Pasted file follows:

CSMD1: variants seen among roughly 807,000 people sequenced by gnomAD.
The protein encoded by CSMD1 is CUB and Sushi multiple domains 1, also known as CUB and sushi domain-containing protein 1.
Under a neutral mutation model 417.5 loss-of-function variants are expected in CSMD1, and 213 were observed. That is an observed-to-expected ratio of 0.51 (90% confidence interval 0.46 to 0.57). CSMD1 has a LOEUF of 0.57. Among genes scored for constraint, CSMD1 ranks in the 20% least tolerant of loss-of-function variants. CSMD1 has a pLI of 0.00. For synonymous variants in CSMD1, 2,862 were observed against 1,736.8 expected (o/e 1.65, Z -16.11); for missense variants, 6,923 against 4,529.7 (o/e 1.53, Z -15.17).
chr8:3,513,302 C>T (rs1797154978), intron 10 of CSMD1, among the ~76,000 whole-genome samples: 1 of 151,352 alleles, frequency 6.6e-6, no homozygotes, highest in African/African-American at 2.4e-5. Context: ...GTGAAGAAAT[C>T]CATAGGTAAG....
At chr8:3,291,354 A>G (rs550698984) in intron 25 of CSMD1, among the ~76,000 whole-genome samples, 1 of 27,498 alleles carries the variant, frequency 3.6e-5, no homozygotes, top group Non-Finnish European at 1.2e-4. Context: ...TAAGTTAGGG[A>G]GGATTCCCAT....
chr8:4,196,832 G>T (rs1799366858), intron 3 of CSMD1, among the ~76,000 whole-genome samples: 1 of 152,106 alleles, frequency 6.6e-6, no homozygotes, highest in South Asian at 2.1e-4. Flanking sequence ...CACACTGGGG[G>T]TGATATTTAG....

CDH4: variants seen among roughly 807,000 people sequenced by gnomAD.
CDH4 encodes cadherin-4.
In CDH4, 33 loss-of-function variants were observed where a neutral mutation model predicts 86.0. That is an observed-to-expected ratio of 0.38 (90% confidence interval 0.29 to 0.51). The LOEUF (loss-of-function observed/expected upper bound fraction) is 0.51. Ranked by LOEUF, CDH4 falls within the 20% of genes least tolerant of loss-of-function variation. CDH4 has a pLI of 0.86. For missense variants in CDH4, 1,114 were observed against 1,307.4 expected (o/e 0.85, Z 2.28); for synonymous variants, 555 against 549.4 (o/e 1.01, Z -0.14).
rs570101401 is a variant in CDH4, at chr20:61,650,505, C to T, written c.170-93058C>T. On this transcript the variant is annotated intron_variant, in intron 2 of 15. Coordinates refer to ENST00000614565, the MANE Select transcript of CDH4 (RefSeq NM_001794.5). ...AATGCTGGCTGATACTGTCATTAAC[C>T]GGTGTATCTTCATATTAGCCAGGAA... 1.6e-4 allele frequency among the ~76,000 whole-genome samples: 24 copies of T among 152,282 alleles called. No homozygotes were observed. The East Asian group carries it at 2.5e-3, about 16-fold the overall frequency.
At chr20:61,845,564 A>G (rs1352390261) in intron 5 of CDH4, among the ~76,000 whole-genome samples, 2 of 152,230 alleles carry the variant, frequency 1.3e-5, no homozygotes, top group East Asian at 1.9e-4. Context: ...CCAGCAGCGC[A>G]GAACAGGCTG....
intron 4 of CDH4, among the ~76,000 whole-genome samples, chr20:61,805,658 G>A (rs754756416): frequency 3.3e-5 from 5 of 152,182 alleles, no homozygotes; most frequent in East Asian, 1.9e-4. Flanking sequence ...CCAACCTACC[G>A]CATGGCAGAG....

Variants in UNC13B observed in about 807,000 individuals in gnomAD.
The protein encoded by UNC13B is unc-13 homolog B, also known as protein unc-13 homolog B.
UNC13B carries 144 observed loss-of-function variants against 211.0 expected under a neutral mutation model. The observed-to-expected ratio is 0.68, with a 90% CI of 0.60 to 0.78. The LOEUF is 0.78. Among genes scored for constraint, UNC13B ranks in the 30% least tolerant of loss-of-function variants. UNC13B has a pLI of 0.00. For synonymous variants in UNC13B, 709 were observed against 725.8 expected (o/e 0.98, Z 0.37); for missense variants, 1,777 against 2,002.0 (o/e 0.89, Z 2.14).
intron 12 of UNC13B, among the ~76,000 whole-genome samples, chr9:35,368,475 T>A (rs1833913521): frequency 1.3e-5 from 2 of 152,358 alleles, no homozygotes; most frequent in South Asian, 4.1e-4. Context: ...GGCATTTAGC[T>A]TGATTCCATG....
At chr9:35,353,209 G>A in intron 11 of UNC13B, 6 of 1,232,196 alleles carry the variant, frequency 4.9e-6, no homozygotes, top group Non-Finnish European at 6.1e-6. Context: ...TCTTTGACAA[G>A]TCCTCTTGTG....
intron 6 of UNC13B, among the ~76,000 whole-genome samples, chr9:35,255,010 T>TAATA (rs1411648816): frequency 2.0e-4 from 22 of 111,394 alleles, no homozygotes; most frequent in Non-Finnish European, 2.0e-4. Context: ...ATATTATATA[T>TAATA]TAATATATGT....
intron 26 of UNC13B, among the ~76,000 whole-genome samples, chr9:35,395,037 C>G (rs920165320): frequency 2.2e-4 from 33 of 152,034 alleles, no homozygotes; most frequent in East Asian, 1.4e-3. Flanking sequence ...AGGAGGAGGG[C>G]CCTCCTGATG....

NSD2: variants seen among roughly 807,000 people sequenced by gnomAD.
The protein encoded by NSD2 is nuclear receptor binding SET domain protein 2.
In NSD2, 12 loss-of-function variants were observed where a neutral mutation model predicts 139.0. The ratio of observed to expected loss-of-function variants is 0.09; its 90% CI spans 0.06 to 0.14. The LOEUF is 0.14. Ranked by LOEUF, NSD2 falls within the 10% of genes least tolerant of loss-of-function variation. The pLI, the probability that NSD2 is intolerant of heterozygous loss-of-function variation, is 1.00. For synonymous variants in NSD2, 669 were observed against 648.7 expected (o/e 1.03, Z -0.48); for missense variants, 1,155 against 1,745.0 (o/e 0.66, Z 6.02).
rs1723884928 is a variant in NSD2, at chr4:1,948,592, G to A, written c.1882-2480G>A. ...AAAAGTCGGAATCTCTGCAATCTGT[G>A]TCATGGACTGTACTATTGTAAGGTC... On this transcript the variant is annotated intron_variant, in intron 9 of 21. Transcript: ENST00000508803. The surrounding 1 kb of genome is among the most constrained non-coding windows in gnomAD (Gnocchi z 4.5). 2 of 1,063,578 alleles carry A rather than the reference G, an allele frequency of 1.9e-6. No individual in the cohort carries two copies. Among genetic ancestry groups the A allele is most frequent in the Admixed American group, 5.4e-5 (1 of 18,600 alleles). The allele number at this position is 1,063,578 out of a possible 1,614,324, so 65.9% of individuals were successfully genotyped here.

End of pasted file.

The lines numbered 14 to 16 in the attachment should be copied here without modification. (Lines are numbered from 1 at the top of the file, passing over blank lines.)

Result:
The protein encoded by UNC13B is unc-13 homolog B, also known as protein unc-13 homolog B.
UNC13B carries 144 observed loss-of-function variants against 211.0 expected under a neutral mutation model. The observed-to-expected ratio is 0.68, with a 90% CI of 0.60 to 0.78. The LOEUF is 0.78. Among genes scored for constraint, UNC13B ranks in the 30% least tolerant of loss-of-function variants. UNC13B has a pLI of 0.00. For synonymous variants in UNC13B, 709 were observed against 725.8 expected (o/e 0.98, Z 0.37); for missense variants, 1,777 against 2,002.0 (o/e 0.89, Z 2.14).
intron 12 of UNC13B, among the ~76,000 whole-genome samples, chr9:35,368,475 T>A (rs1833913521): frequency 1.3e-5 from 2 of 152,358 alleles, no homozygotes; most frequent in South Asian, 4.1e-4. Context: ...GGCATTTAGC[T>A]TGATTCCATG....